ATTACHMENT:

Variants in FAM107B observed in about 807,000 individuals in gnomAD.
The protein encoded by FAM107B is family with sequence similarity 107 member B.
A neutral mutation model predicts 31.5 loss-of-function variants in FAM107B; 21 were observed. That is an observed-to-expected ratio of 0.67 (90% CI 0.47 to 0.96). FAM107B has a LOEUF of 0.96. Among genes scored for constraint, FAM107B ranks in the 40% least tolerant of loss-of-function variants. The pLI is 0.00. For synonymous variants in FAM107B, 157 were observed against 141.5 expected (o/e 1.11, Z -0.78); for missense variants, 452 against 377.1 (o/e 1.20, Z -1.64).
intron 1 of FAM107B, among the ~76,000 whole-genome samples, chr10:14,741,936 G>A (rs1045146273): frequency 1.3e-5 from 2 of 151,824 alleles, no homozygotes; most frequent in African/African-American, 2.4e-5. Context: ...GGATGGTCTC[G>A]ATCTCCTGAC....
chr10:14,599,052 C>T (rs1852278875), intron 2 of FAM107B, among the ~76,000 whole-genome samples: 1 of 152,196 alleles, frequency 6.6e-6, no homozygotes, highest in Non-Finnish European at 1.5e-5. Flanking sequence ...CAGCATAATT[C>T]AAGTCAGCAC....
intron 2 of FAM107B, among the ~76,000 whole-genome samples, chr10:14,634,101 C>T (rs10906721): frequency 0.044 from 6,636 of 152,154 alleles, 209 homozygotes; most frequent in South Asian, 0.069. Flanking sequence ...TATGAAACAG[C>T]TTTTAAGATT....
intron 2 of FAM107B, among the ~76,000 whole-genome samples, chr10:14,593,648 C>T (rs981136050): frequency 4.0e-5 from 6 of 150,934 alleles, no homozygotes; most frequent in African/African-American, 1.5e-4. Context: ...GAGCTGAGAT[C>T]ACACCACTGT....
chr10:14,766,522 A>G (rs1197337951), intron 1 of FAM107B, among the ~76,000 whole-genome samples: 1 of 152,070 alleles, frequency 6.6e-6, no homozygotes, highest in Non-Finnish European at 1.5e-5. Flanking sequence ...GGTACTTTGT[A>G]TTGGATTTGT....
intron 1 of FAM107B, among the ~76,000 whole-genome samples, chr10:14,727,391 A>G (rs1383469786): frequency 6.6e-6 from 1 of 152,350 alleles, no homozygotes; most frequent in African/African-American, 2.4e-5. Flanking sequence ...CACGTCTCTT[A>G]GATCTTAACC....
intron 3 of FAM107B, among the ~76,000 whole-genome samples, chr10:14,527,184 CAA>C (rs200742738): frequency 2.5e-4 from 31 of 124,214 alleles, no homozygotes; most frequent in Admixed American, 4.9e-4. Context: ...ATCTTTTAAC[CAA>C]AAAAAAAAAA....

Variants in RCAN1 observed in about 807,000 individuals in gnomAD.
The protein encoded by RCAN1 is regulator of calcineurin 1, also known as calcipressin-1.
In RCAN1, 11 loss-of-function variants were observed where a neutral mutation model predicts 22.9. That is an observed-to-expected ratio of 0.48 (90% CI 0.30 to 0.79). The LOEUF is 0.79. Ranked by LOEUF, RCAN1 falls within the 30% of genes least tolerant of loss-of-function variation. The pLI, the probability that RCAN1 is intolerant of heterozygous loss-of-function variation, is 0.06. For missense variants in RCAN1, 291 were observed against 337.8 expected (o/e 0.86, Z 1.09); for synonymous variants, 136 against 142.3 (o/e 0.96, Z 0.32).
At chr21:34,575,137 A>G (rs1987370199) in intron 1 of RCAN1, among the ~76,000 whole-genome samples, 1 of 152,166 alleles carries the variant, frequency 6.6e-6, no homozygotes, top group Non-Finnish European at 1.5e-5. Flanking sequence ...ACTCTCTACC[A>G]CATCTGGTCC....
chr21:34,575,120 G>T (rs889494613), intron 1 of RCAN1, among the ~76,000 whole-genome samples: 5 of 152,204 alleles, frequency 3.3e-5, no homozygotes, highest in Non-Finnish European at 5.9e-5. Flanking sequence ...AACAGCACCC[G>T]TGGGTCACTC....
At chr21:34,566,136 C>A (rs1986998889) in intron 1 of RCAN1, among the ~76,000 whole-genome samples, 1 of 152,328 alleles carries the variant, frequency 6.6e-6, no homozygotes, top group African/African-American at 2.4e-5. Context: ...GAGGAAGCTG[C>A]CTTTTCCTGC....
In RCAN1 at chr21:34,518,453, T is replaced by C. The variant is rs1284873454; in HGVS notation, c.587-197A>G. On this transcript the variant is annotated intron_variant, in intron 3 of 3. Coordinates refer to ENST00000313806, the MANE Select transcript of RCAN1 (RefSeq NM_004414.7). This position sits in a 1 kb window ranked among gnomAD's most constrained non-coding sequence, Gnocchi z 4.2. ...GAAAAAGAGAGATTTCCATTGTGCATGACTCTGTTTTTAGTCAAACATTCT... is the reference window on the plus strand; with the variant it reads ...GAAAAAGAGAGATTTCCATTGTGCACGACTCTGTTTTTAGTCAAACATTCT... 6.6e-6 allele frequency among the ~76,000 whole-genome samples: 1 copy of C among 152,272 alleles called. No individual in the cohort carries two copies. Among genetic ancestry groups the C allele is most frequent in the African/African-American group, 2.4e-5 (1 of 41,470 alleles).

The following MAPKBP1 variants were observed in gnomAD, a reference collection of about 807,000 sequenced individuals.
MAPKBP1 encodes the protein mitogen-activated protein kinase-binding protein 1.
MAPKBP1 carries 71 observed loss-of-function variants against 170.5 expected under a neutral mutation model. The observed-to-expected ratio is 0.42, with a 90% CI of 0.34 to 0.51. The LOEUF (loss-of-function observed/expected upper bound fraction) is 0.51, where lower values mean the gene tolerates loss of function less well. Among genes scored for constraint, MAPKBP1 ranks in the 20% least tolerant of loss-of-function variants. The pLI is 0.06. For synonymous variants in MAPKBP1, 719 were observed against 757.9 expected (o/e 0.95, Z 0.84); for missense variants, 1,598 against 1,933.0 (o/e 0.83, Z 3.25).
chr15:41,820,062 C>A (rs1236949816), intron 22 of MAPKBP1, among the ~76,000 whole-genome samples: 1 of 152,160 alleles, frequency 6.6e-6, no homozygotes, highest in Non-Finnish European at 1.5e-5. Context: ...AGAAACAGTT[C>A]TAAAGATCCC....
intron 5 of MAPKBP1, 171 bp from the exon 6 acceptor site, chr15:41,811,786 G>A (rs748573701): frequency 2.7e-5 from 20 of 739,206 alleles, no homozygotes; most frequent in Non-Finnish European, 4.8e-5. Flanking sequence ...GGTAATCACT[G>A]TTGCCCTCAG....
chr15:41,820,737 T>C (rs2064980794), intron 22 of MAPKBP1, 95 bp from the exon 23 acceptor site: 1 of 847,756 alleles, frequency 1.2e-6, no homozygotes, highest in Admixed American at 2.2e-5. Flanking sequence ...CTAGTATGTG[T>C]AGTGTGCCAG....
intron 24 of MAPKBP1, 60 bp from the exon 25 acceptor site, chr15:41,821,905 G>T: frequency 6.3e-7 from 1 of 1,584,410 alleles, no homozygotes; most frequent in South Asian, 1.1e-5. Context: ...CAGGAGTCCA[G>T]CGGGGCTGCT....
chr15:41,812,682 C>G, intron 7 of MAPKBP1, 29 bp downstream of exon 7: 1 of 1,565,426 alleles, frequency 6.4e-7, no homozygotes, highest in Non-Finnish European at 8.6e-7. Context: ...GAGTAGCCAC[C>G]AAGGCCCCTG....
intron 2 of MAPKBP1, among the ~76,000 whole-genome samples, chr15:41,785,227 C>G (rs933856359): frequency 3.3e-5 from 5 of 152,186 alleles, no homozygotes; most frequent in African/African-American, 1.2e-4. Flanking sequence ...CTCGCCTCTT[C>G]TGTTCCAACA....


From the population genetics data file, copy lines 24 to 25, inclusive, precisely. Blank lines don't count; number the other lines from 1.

intron 24 of MAPKBP1, 60 bp from the exon 25 acceptor site, chr15:41,821,905 G>T: frequency 6.3e-7 from 1 of 1,584,410 alleles, no homozygotes; most frequent in South Asian, 1.1e-5. Context: ...CAGGAGTCCA[G>T]CGGGGCTGCT....
chr15:41,812,682 C>G, intron 7 of MAPKBP1, 29 bp downstream of exon 7: 1 of 1,565,426 alleles, frequency 6.4e-7, no homozygotes, highest in Non-Finnish European at 8.6e-7. Context: ...GAGTAGCCAC[C>G]AAGGCCCCTG....